TOKYO : The United States powered to their seventh successive victory in the women’s 4x400m relay on Saturday as Allyson Felix won gold in the event for the fourth time to extend her Olympic medal haul to a remarkable 11.
Poland continued their impressive relay form in Tokyo, having won the inaugural 4x400 mixed race, with an excellent silver while Jamaica, who had won silver three times in a row, had to settle for bronze.
The U.S. could probably have fielded three squads and swept the podium such is their strength over the distance but their "first team" was dripping with quality.
Alongside Felix they went for Sydney McLaughlin and Dalilah Muhammad, first and second in the 400m hurdles and both inside the old world record, and Mu Athing, winner of the 800 metres.
As expected, it was an unstoppable combination as their time of 3:16.85 brought them home almost four seconds ahead of the Poles, whose 3:20.53 was a national record.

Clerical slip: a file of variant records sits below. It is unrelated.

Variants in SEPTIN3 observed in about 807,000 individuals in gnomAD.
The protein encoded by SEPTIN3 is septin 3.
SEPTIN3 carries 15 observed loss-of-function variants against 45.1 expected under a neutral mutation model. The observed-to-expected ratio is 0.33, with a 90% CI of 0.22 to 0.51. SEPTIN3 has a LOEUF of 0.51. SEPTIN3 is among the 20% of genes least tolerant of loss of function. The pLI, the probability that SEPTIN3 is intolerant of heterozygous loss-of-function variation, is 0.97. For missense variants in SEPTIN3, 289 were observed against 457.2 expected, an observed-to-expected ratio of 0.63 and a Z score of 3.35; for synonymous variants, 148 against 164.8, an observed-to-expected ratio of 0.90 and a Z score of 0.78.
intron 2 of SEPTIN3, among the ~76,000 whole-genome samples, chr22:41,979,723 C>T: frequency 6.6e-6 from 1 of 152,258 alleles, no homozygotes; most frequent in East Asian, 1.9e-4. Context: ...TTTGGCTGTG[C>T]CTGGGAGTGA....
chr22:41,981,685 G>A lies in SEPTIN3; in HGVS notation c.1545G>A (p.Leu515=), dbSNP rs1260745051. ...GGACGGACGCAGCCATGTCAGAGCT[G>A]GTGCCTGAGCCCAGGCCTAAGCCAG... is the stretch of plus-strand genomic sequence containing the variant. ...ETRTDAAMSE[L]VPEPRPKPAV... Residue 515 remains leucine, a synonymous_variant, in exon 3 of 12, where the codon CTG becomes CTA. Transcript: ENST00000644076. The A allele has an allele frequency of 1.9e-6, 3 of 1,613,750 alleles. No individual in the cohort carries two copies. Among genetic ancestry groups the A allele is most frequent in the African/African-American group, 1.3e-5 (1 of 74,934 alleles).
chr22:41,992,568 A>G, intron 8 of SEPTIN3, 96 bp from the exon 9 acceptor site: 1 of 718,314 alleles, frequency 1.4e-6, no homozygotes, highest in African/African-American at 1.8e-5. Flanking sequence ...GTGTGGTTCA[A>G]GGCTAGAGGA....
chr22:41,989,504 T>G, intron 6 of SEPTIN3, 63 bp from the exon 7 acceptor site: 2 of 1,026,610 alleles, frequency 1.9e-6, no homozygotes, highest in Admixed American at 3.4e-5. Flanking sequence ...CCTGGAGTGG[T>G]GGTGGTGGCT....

Felix's bronze in the 400m on Friday made her the most decorated woman in track and field history and this gold in her fifth Olympics took her tally to 11.
That moved her one ahead of Carl Lewis as the top American in total medals and one behind Finnish distance runner Paavo Nurmi from the 1920s as the all-time track and field leader.
"The first was a very, very long time ago (200m silver in Athens 2004) when everything was new," said Felix, who returned to the sport after having a daughter in 2018.
"This one, everything is different, but in a good way. I am so pleased it was running with these amazing women.
"I think all of us in the team have achieved a lot in the individual events and I wanted to be able to run with these women and to win gold with them."
While Felix, at 35, is unlikely to return for a sixth Games, McLaughlin at 22 can look forward to many more golden nights.
"It’s an honour to be able to run with all these women. They are inspiration to me," said the woman who destroyed her own world record to win the 400m hurdles.
"It's great to think we will be an inspiration to kids who are looking up to us."
(Reporting by Mitch Phillips, Editing by Sudipto Ganguly and Ed Osmond)